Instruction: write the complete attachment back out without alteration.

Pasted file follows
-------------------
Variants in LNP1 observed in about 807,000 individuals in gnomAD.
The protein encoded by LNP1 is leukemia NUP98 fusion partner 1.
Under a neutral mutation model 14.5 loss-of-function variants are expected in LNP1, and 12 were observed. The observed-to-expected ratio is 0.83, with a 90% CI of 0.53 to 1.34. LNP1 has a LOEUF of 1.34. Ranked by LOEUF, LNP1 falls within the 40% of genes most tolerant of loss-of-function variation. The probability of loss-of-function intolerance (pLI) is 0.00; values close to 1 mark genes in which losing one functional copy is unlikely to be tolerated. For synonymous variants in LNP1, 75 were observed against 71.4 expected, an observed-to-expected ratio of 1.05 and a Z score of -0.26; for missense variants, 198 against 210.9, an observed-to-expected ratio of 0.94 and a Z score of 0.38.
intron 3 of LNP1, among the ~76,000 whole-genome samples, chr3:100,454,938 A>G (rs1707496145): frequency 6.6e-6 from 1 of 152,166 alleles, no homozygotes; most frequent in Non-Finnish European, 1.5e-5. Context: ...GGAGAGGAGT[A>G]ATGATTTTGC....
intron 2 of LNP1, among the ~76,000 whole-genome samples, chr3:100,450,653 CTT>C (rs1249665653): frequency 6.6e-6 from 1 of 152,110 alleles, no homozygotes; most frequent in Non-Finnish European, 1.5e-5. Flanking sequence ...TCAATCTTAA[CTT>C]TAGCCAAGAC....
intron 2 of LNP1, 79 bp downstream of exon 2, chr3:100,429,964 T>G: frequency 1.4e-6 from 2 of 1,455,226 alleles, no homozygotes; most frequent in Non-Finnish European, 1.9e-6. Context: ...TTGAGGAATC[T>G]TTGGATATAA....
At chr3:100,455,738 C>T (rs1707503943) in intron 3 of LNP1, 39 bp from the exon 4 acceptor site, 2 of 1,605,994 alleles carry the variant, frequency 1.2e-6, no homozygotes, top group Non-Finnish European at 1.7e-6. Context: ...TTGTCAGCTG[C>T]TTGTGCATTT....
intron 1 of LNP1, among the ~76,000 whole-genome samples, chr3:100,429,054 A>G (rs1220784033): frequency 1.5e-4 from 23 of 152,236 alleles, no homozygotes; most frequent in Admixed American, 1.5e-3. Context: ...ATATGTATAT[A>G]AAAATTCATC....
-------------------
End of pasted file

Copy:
Variants in LNP1 observed in about 807,000 individuals in gnomAD.
The protein encoded by LNP1 is leukemia NUP98 fusion partner 1.
Under a neutral mutation model 14.5 loss-of-function variants are expected in LNP1, and 12 were observed. The observed-to-expected ratio is 0.83, with a 90% CI of 0.53 to 1.34. LNP1 has a LOEUF of 1.34. Ranked by LOEUF, LNP1 falls within the 40% of genes most tolerant of loss-of-function variation. The probability of loss-of-function intolerance (pLI) is 0.00; values close to 1 mark genes in which losing one functional copy is unlikely to be tolerated. For synonymous variants in LNP1, 75 were observed against 71.4 expected, an observed-to-expected ratio of 1.05 and a Z score of -0.26; for missense variants, 198 against 210.9, an observed-to-expected ratio of 0.94 and a Z score of 0.38.
intron 3 of LNP1, among the ~76,000 whole-genome samples, chr3:100,454,938 A>G (rs1707496145): frequency 6.6e-6 from 1 of 152,166 alleles, no homozygotes; most frequent in Non-Finnish European, 1.5e-5. Context: ...GGAGAGGAGT[A>G]ATGATTTTGC....
intron 2 of LNP1, among the ~76,000 whole-genome samples, chr3:100,450,653 CTT>C (rs1249665653): frequency 6.6e-6 from 1 of 152,110 alleles, no homozygotes; most frequent in Non-Finnish European, 1.5e-5. Flanking sequence ...TCAATCTTAA[CTT>C]TAGCCAAGAC....
intron 2 of LNP1, 79 bp downstream of exon 2, chr3:100,429,964 T>G: frequency 1.4e-6 from 2 of 1,455,226 alleles, no homozygotes; most frequent in Non-Finnish European, 1.9e-6. Context: ...TTGAGGAATC[T>G]TTGGATATAA....
At chr3:100,455,738 C>T (rs1707503943) in intron 3 of LNP1, 39 bp from the exon 4 acceptor site, 2 of 1,605,994 alleles carry the variant, frequency 1.2e-6, no homozygotes, top group Non-Finnish European at 1.7e-6. Context: ...TTGTCAGCTG[C>T]TTGTGCATTT....
intron 1 of LNP1, among the ~76,000 whole-genome samples, chr3:100,429,054 A>G (rs1220784033): frequency 1.5e-4 from 23 of 152,236 alleles, no homozygotes; most frequent in Admixed American, 1.5e-3. Context: ...ATATGTATAT[A>G]AAAATTCATC....